Is it time for Twiggy to play his Chinese joker?



The price of iron ore is still falling, with Fortescue Metals Group facing total wipeout. But there may be a way to save the company — look to the East …

Down and down and down it goes (taking Australia’s terms of trade with it); where it stops, nobody knows.

As the benchmark iron ore price continues to fall like a lump of red rock, smashing through the psychological US$50 per tonne barrier yesterday to lose another 3.9% and wind up at US$49 at the close, embattled Fortescue Metals Group chairman and founder Andrew Forrest is searching around in his dust-caked pockets for his last card.

Having comprehensively failed to roll over his debt last month, there’s only one thing for it. To use that joker he has carried in in his pocket these past 15 years since founding FMG on a wing and prayer flashing it when all else seems lost: the China card.

While everyone was fixated on Forrest’s absurd public call for an iron ore cartel, he was sending out another message. Was it a brilliant distraction? Surely not. He said steel mills in China were concerned about eventually being left with only a few players to buy from as smaller iron ore producers would be priced out of the market.

Then he added that Australia needed to build better relationships with China. Australia? Forrest is Australia.

At current prices FMG is losing about US$4 for every tonne of ore it digs at a mean of analyst estimates. At current production and if the price stays at this level, that will wipe 80% of the company’s cash pile by the time it is due to pay US$1 billion to bondholders. Wipeout.

So why, when shutting down high-cost, low-quality production will save it hundreds of billions, as J Capital Research iron and steel guru Tim Murray noted in yesterday’s Crikey, is FMG applying for a mine expansion?

Why else than Forrest wants to prove FMG’s big miner credentials to its Chinese suitors.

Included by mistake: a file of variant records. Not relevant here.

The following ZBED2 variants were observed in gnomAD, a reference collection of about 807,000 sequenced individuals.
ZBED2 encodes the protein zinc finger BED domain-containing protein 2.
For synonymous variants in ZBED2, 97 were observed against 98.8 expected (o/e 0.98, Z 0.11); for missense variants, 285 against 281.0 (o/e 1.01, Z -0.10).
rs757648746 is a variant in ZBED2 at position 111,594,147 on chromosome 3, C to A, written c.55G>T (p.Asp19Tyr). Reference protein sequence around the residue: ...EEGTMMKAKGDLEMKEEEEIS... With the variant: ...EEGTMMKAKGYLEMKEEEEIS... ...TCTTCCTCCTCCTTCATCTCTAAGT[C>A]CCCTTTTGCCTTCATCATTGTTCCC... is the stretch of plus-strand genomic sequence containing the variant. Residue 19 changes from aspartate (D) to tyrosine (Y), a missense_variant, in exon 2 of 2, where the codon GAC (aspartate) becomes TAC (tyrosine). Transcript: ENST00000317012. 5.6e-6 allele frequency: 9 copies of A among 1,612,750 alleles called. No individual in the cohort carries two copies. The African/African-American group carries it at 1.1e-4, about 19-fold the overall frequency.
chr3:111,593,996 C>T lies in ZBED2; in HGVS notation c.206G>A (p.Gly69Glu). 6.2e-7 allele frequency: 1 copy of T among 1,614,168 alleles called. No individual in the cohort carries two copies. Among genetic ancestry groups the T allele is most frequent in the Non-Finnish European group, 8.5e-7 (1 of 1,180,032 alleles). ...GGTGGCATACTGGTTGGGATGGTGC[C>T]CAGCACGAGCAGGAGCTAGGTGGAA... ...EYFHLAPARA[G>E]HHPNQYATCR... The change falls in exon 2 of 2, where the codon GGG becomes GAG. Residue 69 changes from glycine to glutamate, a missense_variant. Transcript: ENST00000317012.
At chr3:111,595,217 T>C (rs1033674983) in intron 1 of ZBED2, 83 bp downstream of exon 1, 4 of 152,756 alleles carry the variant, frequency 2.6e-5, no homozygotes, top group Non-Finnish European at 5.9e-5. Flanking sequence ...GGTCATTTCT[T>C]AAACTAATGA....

China is very much back in the mining game at these prices, having been burned badly at the top of the market. Just this week Guangdong Rising Asset Management, the southern Chinese suitor of PanAust, the Australian listed company that owns two of Laos’ big cooper and gold mines, made an offer of $1.1 million for the company ($1.71 per share), having been spurned by the board with an indicative offer of 49c a share more last May. Tut tut, PanAust directors.

FMG could well be next, although Forrest’s Plan B (his first was the US $2.5 billion debt rollover he failed to sources last month) is to sell off minority stakes assets to the people he knows best: the Chinese. There are two potential groups of buyers: private entrepreneurs or state-run companies led by steel mills.

Such plans were laid during the 2012 iron ore price dip, during which FMG scurried about to secure the US$5 billion in debt that’s now weighing heavily on its balance sheet. The only answer is more equity.

There are few shell tricks, of course, that Forrest and his mining mates can play as they mull their next moves. One popular one is high grading, in which mine operators cherry-pick the higher-grade pockets of ore in the hope of getting and extra US$1 or US$2 per tonne, but that’s a strategy that comes back to haunt with lesser-grade ores available down the track and no guarantee that the price will be any higher. But at the market’s present depths they are only playing around the edges.

Perth-based iron ore industry veteran and former FMH marketing chief Philip Kirchlechner believes that further Chinese investment in Australian iron ore — and FMG is really the only player here right now — is inevitable.

“My solution to the iron ore crisis: China needs to shut all its mines. They are unsafe, high cost, and a major indirect cause of pollution (grinding 10% Fe ore is energy intensive). But Australia needs to assist China in securing major footprint in IO in Australia,” he said.

China has a dismal record — save the 9% stake in Rio Tinto bought by state-owned Chinalco, which saved the London based miner company after its Alcan disaster — of investing in Australian iron ore.

The poster child is the $10 billion Citic disaster Sino Iron, a project that has made Clive Palmer’s name such poison in the Middle Kingdom that locals say he would be foolish ever to set foot there again, even to pick up his replica of the Titanic.

“As the Citic Pacific fiasco has shown, China has not been successful in Australian iron ore and has failed to gain a significant share of production,” Kirchlechner said. “If they can, they have incentive to shut down [their] own production. Therefore China gaining a bigger share in FMG and others is very important.”

Baosteel already has a worthless joint venture with FMG and is thus best placed to buy in and secure offtake agreements that would underpin FMG’s future. This would enable Forrest, a man who likes to defy even the longest odds such as those FMG is facing right now, to shake up the industry once more.

Forrest is at his most dangerous with his back to the wall, and even if he doesn’t much like the price he will have to pay, anything’s better than losing the company. Again.

The man his mates call Twig Forrest likes to say that he always has a Plan B. Watch that space, folks.